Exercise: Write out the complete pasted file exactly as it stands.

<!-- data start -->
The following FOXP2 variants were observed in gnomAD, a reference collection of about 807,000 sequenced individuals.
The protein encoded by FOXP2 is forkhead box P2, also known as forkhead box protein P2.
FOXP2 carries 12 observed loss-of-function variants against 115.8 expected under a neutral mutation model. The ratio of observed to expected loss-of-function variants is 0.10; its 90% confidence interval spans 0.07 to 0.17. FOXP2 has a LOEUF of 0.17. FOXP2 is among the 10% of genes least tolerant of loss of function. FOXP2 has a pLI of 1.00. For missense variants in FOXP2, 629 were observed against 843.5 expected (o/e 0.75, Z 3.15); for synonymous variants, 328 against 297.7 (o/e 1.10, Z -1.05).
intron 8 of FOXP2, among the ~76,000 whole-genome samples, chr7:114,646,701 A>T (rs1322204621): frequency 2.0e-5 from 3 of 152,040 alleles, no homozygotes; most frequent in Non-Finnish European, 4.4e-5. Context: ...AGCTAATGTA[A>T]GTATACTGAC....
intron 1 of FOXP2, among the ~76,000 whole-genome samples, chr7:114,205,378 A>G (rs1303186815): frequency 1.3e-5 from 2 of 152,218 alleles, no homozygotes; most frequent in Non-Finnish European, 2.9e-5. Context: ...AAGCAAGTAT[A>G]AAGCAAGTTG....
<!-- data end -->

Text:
The following FOXP2 variants were observed in gnomAD, a reference collection of about 807,000 sequenced individuals.
The protein encoded by FOXP2 is forkhead box P2, also known as forkhead box protein P2.
FOXP2 carries 12 observed loss-of-function variants against 115.8 expected under a neutral mutation model. The ratio of observed to expected loss-of-function variants is 0.10; its 90% confidence interval spans 0.07 to 0.17. FOXP2 has a LOEUF of 0.17. FOXP2 is among the 10% of genes least tolerant of loss of function. FOXP2 has a pLI of 1.00. For missense variants in FOXP2, 629 were observed against 843.5 expected (o/e 0.75, Z 3.15); for synonymous variants, 328 against 297.7 (o/e 1.10, Z -1.05).
intron 8 of FOXP2, among the ~76,000 whole-genome samples, chr7:114,646,701 A>T (rs1322204621): frequency 2.0e-5 from 3 of 152,040 alleles, no homozygotes; most frequent in Non-Finnish European, 4.4e-5. Context: ...AGCTAATGTA[A>T]GTATACTGAC....
intron 1 of FOXP2, among the ~76,000 whole-genome samples, chr7:114,205,378 A>G (rs1303186815): frequency 1.3e-5 from 2 of 152,218 alleles, no homozygotes; most frequent in Non-Finnish European, 2.9e-5. Context: ...AAGCAAGTAT[A>G]AAGCAAGTTG....